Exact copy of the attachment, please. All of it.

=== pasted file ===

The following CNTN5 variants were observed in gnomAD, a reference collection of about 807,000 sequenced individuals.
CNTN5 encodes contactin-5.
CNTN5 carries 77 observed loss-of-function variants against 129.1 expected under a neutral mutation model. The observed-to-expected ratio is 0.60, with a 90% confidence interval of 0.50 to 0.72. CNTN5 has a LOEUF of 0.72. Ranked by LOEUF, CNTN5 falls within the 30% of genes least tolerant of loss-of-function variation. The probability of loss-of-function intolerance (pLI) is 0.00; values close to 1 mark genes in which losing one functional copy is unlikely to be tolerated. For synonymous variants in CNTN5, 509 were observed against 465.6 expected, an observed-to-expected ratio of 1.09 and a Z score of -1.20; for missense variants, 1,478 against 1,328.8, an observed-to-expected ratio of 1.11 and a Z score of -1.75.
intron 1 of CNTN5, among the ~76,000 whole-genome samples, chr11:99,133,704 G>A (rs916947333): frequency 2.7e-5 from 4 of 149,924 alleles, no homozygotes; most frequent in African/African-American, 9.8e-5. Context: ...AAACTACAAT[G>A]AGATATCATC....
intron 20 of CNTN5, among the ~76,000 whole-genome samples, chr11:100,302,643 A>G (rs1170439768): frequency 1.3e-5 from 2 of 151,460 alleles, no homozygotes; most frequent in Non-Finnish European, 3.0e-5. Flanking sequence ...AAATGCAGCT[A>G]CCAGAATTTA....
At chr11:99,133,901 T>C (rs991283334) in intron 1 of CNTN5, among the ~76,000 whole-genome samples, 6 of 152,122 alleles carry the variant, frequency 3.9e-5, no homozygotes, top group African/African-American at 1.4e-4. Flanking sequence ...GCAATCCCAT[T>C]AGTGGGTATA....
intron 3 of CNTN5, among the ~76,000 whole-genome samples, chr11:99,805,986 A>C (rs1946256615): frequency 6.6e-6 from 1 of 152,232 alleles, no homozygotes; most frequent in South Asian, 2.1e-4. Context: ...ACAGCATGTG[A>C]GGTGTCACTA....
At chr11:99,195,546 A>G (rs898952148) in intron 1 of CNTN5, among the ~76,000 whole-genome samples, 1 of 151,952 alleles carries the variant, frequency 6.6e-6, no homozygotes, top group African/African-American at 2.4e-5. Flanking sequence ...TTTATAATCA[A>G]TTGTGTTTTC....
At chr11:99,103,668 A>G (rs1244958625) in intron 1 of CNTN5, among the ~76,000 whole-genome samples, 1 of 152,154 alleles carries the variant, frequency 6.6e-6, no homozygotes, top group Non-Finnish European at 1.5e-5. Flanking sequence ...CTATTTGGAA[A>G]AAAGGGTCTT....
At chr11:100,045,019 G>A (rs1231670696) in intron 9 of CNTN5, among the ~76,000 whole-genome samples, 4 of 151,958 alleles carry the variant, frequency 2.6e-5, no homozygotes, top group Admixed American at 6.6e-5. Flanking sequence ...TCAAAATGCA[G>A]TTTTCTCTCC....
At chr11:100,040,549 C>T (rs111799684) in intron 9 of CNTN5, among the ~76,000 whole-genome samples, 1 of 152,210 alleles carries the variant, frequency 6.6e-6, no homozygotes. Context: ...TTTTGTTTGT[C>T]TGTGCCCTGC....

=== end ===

The following CNTN5 variants were observed in gnomAD, a reference collection of about 807,000 sequenced individuals.
CNTN5 encodes contactin-5.
CNTN5 carries 77 observed loss-of-function variants against 129.1 expected under a neutral mutation model. The observed-to-expected ratio is 0.60, with a 90% confidence interval of 0.50 to 0.72. CNTN5 has a LOEUF of 0.72. Ranked by LOEUF, CNTN5 falls within the 30% of genes least tolerant of loss-of-function variation. The probability of loss-of-function intolerance (pLI) is 0.00; values close to 1 mark genes in which losing one functional copy is unlikely to be tolerated. For synonymous variants in CNTN5, 509 were observed against 465.6 expected, an observed-to-expected ratio of 1.09 and a Z score of -1.20; for missense variants, 1,478 against 1,328.8, an observed-to-expected ratio of 1.11 and a Z score of -1.75.
intron 1 of CNTN5, among the ~76,000 whole-genome samples, chr11:99,133,704 G>A (rs916947333): frequency 2.7e-5 from 4 of 149,924 alleles, no homozygotes; most frequent in African/African-American, 9.8e-5. Context: ...AAACTACAAT[G>A]AGATATCATC....
intron 20 of CNTN5, among the ~76,000 whole-genome samples, chr11:100,302,643 A>G (rs1170439768): frequency 1.3e-5 from 2 of 151,460 alleles, no homozygotes; most frequent in Non-Finnish European, 3.0e-5. Flanking sequence ...AAATGCAGCT[A>G]CCAGAATTTA....
At chr11:99,133,901 T>C (rs991283334) in intron 1 of CNTN5, among the ~76,000 whole-genome samples, 6 of 152,122 alleles carry the variant, frequency 3.9e-5, no homozygotes, top group African/African-American at 1.4e-4. Flanking sequence ...GCAATCCCAT[T>C]AGTGGGTATA....
intron 3 of CNTN5, among the ~76,000 whole-genome samples, chr11:99,805,986 A>C (rs1946256615): frequency 6.6e-6 from 1 of 152,232 alleles, no homozygotes; most frequent in South Asian, 2.1e-4. Context: ...ACAGCATGTG[A>C]GGTGTCACTA....
At chr11:99,195,546 A>G (rs898952148) in intron 1 of CNTN5, among the ~76,000 whole-genome samples, 1 of 151,952 alleles carries the variant, frequency 6.6e-6, no homozygotes, top group African/African-American at 2.4e-5. Flanking sequence ...TTTATAATCA[A>G]TTGTGTTTTC....
At chr11:99,103,668 A>G (rs1244958625) in intron 1 of CNTN5, among the ~76,000 whole-genome samples, 1 of 152,154 alleles carries the variant, frequency 6.6e-6, no homozygotes, top group Non-Finnish European at 1.5e-5. Flanking sequence ...CTATTTGGAA[A>G]AAAGGGTCTT....
At chr11:100,045,019 G>A (rs1231670696) in intron 9 of CNTN5, among the ~76,000 whole-genome samples, 4 of 151,958 alleles carry the variant, frequency 2.6e-5, no homozygotes, top group Admixed American at 6.6e-5. Flanking sequence ...TCAAAATGCA[G>A]TTTTCTCTCC....
At chr11:100,040,549 C>T (rs111799684) in intron 9 of CNTN5, among the ~76,000 whole-genome samples, 1 of 152,210 alleles carries the variant, frequency 6.6e-6, no homozygotes. Context: ...TTTTGTTTGT[C>T]TGTGCCCTGC....